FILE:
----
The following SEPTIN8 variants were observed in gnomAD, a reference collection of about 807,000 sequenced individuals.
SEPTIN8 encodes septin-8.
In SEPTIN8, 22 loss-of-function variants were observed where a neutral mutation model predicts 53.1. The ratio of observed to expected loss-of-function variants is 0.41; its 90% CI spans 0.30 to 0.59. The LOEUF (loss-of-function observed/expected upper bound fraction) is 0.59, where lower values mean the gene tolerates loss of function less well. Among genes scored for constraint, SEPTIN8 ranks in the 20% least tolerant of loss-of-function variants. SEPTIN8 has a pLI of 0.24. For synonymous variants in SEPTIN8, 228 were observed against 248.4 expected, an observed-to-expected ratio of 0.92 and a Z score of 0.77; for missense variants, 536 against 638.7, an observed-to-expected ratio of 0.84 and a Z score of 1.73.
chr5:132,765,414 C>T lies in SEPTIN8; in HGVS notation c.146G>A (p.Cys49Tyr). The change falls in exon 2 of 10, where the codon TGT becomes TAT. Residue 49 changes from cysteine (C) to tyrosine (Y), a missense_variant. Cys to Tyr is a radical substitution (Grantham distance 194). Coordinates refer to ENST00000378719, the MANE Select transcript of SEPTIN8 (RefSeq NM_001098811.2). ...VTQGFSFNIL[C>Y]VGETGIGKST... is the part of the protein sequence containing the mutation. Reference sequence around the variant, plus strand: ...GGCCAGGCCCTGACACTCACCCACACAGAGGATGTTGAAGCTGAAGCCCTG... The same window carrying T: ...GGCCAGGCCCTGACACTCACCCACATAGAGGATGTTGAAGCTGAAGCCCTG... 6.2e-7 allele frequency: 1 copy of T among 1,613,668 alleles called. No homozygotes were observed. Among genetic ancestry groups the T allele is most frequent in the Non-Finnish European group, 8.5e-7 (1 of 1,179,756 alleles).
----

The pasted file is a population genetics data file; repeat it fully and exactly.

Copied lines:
The following SEPTIN8 variants were observed in gnomAD, a reference collection of about 807,000 sequenced individuals.
SEPTIN8 encodes septin-8.
In SEPTIN8, 22 loss-of-function variants were observed where a neutral mutation model predicts 53.1. The ratio of observed to expected loss-of-function variants is 0.41; its 90% CI spans 0.30 to 0.59. The LOEUF (loss-of-function observed/expected upper bound fraction) is 0.59, where lower values mean the gene tolerates loss of function less well. Among genes scored for constraint, SEPTIN8 ranks in the 20% least tolerant of loss-of-function variants. SEPTIN8 has a pLI of 0.24. For synonymous variants in SEPTIN8, 228 were observed against 248.4 expected, an observed-to-expected ratio of 0.92 and a Z score of 0.77; for missense variants, 536 against 638.7, an observed-to-expected ratio of 0.84 and a Z score of 1.73.
chr5:132,765,414 C>T lies in SEPTIN8; in HGVS notation c.146G>A (p.Cys49Tyr). The change falls in exon 2 of 10, where the codon TGT becomes TAT. Residue 49 changes from cysteine (C) to tyrosine (Y), a missense_variant. Cys to Tyr is a radical substitution (Grantham distance 194). Coordinates refer to ENST00000378719, the MANE Select transcript of SEPTIN8 (RefSeq NM_001098811.2). ...VTQGFSFNIL[C>Y]VGETGIGKST... is the part of the protein sequence containing the mutation. Reference sequence around the variant, plus strand: ...GGCCAGGCCCTGACACTCACCCACACAGAGGATGTTGAAGCTGAAGCCCTG... The same window carrying T: ...GGCCAGGCCCTGACACTCACCCACATAGAGGATGTTGAAGCTGAAGCCCTG... 6.2e-7 allele frequency: 1 copy of T among 1,613,668 alleles called. No homozygotes were observed. Among genetic ancestry groups the T allele is most frequent in the Non-Finnish European group, 8.5e-7 (1 of 1,179,756 alleles).